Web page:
I've just spent a blissful Thanksgiving break putting up Christmas decorations, playing Batman: Arkham Origins, and inhaling the last book in a fantastic action trilogy by Ann Aguirre called Horde.
I had to finish the whole Enclave series before I could review any it, though, because it's less a trilogy and more one book broken into three parts. There's no resolution whatsoever in the first two, and each successive title picks up at the exact moment the last leaves off. Normally I detest these kind of cliffhanger endings, since they leave me feeling cheated out of a complete book, but having finished it I can say now that Enclave is worth the investment.
Enclave is a gritty post-apocalyptic thriller that starts off underground, in the abandoned subway tunnels and sewers. There, in a small barbaric society divided into Builders, Breeders, and Hunters - and where the average life expectancy is only 25 - we meet Deuce. Deuce is a 15-year-old Huntress, tasked with protecting her people from zombie-like creatures called Freaks - who, of course, like to eat people.
I'll be honest, the first few pages didn't grab me right. The whole society-of-hardened-warrior-children thing came off as just too unbelievable. Then the action started. Next thing I knew I was blinking at the clock and wondering where the last three hours went. (You know how that is?)
If you're going to read Enclave, do yourself a favor and already have Outpost on hand. Like I said, no resolution, and DANG are you going to want to know what happens next. The rotten author (I say with all love and respect) even leaves a major character's life hanging in the balance, so you're not sure if that character lives or dies 'til you get to Outpost. NOT COOL.
In Outpost we get a complete change of scenery, as Deuce has left the underground for the first time and ventured Topside, into the sun and the outside world. (I'm leaving out all the spoilery details, promise.) Here she discovers more pockets of survivors - and Freaks - and starts to unravel the forgotten history of the world's destruction. Throwing in her lot with a small town called Salvation, Deuce again fights to protect the ones she loves.
In Horde, the third and final (yes, we finally DO get a conclusion!) book, Deuce really comes into her own as a leader and warrior. The battles - which are non-stop throughout - get bigger, but at the same time the story hones in on the characters you've come to love and root for, weaving back stories, creating new relationships, and overall just giving this action-thriller a huge amount of heart. Not gonna lie: I cried three or four times during Horde. But at least two of those times were happy tears, so that counts as a wash, right? :) Finishing it reminded me of the first time I finished watching the battle of Helm's Deep in The Two Towers; Aguirre paints war in all its bloody colors, and the ordeal is both exhilarating and exhausting.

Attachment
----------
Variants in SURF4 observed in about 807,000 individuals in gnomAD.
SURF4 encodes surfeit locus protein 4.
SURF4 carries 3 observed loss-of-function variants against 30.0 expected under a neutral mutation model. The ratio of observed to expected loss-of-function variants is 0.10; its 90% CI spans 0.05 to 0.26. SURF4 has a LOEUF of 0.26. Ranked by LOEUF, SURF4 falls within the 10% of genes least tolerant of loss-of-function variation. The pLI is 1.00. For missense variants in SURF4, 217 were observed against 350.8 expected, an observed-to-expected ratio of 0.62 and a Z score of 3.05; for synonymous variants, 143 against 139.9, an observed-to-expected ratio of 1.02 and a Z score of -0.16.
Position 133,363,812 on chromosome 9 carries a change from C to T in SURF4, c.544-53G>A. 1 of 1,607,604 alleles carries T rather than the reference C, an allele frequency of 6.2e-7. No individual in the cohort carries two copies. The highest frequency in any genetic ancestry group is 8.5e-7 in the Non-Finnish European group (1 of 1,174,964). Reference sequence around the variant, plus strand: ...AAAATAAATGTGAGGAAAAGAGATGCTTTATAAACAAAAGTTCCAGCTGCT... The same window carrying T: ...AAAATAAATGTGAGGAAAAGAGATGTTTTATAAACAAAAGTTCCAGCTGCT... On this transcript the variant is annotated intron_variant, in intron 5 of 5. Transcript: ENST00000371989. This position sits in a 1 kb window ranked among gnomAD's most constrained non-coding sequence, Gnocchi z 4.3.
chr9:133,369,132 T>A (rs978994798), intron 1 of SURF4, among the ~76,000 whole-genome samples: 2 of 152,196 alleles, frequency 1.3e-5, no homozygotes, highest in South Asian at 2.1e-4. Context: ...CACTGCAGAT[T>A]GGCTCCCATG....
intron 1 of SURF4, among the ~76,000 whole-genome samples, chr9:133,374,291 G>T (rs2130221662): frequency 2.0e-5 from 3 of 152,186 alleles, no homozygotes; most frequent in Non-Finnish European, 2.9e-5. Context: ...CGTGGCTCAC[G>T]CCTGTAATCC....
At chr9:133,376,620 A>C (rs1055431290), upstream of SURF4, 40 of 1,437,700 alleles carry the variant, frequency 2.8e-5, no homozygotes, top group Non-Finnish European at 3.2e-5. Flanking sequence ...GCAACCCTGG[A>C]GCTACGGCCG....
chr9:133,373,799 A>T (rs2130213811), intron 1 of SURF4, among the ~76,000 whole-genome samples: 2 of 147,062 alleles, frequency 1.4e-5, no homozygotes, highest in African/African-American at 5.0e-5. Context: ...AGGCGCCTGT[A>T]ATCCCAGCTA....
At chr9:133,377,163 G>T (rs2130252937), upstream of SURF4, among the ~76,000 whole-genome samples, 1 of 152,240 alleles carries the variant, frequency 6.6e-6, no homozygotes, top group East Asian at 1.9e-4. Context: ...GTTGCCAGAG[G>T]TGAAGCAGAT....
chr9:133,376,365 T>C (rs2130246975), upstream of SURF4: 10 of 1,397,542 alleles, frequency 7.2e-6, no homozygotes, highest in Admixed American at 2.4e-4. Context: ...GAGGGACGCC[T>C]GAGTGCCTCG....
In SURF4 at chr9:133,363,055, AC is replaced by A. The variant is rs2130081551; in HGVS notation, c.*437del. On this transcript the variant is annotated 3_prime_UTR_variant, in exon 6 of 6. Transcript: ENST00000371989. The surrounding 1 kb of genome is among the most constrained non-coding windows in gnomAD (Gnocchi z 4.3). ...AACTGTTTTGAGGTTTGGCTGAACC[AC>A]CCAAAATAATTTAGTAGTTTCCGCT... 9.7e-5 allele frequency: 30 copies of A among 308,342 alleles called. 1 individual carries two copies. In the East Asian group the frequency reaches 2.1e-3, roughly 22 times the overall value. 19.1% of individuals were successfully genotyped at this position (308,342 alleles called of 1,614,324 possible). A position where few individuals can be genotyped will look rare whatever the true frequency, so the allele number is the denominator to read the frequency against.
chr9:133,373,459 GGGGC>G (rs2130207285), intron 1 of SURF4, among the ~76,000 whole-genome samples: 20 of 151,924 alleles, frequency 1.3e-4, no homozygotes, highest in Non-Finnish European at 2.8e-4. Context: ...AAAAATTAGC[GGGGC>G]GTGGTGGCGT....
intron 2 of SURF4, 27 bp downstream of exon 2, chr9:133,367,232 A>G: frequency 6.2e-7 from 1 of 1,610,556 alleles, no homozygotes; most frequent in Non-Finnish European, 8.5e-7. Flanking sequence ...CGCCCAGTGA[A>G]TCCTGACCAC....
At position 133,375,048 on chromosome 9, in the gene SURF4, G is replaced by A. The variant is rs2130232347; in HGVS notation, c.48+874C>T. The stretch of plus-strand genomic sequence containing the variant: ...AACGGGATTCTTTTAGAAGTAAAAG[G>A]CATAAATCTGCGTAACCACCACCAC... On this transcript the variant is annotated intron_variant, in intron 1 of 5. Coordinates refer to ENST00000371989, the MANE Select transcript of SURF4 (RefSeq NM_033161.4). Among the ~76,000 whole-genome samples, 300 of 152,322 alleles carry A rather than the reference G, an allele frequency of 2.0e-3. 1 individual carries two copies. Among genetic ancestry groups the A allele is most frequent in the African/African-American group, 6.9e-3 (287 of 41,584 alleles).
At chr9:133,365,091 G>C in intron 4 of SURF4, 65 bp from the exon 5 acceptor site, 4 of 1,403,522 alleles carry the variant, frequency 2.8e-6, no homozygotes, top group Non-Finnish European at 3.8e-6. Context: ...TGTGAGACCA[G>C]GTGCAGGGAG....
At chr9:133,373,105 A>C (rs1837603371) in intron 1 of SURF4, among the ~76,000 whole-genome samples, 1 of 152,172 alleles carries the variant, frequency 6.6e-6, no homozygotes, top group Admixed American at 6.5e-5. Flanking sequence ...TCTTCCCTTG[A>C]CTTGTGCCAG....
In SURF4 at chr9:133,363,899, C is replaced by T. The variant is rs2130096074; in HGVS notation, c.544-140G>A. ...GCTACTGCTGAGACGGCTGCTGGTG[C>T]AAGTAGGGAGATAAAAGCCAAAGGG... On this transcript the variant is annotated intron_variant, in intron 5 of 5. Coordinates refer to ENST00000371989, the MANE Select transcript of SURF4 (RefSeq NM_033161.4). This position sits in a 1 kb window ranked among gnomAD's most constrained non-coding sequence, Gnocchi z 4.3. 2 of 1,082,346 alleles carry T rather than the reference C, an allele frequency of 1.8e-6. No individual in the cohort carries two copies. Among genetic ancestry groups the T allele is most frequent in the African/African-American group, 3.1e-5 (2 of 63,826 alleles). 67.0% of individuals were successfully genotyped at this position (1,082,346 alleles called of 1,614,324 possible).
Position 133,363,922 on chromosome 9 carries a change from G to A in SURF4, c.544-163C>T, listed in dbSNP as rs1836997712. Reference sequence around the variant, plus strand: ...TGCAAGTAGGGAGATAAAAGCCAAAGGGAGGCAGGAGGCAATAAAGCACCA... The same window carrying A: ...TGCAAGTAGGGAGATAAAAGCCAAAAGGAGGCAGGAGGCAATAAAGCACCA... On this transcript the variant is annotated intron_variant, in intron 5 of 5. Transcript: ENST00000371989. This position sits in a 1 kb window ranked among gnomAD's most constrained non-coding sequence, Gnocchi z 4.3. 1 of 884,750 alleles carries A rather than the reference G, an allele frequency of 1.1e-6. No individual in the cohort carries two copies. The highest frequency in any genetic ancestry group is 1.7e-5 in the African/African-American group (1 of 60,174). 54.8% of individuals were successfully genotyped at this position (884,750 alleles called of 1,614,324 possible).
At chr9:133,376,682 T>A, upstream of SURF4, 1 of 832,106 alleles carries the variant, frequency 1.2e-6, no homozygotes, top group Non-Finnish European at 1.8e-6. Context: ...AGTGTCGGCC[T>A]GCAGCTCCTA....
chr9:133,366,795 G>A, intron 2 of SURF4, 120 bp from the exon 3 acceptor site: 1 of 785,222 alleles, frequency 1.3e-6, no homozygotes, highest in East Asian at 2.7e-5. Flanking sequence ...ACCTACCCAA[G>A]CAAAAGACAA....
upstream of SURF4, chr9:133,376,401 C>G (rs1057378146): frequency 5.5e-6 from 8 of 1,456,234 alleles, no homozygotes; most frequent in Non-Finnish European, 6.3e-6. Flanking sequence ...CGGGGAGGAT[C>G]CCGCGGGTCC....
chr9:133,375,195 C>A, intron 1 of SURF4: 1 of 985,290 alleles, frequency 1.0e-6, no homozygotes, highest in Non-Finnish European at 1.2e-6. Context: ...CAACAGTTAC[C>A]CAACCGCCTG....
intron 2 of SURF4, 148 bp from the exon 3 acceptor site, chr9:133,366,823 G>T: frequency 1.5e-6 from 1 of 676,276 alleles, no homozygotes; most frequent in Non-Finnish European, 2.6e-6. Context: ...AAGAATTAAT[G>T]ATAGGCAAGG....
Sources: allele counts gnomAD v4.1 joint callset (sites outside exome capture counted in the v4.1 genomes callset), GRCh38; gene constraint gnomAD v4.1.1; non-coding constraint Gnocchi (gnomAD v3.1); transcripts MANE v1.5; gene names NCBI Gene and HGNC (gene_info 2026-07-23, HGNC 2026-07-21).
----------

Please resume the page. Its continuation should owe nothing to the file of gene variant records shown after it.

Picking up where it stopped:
Like I said, Enclave is a gritty tale. In addition to the non-stop death and gore, it deals with heftier topics like severe post-traumatic stress disorder and a former rape victim rediscovering her own strength and courage. These are handled masterfully, though, and speaking as someone with a low tolerance for such things, I can say nothing is so graphic as to make you uncomfortable. The horrors and trauma are incredibly believable and realistic, but Aguirre describes them with a sensitivity that spares us the explicit details.
On a more positive note, the gender roles in Enclave - with the exception of the town of Salvation - are a wondrous thing. I love how many strong female leaders we get to meet over the course of the story, but also that the ones in more traditional, non-combative roles are shown to be just as strong. There's even a gentle soul who is essentially a stay-at-home-dad, a nice counterpoint to Deuce's warrior nature.
The love triangle in Enclave doesn't even try to fool us with some "who will she pick?" nonsense, but it
does add a believable depth, not to mention one of the most interesting
villain-turned-heros I've read in ages. (Stalker and Tegan's story will both make and break your heart. Simply amazing.)
There are obvious parallels here to both the Divergent series and The Hunger Games, but I can assure you Enclave finishes much, MUCH stronger than either of those. (I confess I haven't read Allegiant, but only because I know enough of the plot to know I won't like it. And let's face it: Mockingjay sucked.) We finally get a series that ends right, you guys. Can I get a "WAHOO"? It's huge, it's cinematic, it's gut-wrenching, and it will have your heart rate up 'til the last few chapters. It also ENDS ends, ala Harry Potter, leaving no room for tack-ons, and I respect that. I like to have a good story finished.
So, if you've got time for a good 1200 page read, definitely pick up Enclave, Outpost, and Horde. But don't torture yourself by only having Enclave. Trust me. That wait for the next book will be murder. ;)
Add the Epbot Button to Your Blog!
Right-click this image to save it, and then hyperlink it to www.Epbot.com on your blog sidebar. Voila! The world becomes a better place.
- ► 2018 (119)
- ► 2017 (139)
- ► 2016 (151)
- ► 2015 (155)
- ► 2014 (150)
- A Graceful Photo Restoration
- This Week In Pics - Post Christmas Check-In
- Reader Show & Tell: Geeky Christmas Style!
- A New Kind Of Book Paper Garland
- This Week in Pics: Cat Onesies, Cross Stich, and H...
- December Art Roundup & Give-Away
- Book Paper Ornaments: Bows & Pinwheels
- Easy DIY Tree & Wreath Flocking Redux
- A Steampunk Star Wars Film? MAKE IT SO.
- The Big Christmas Tree Roundup
- Book Review: Enclave, Outpost, & Horde
- ▼ December (11)
- ► 2012 (232)
- ► 2011 (187)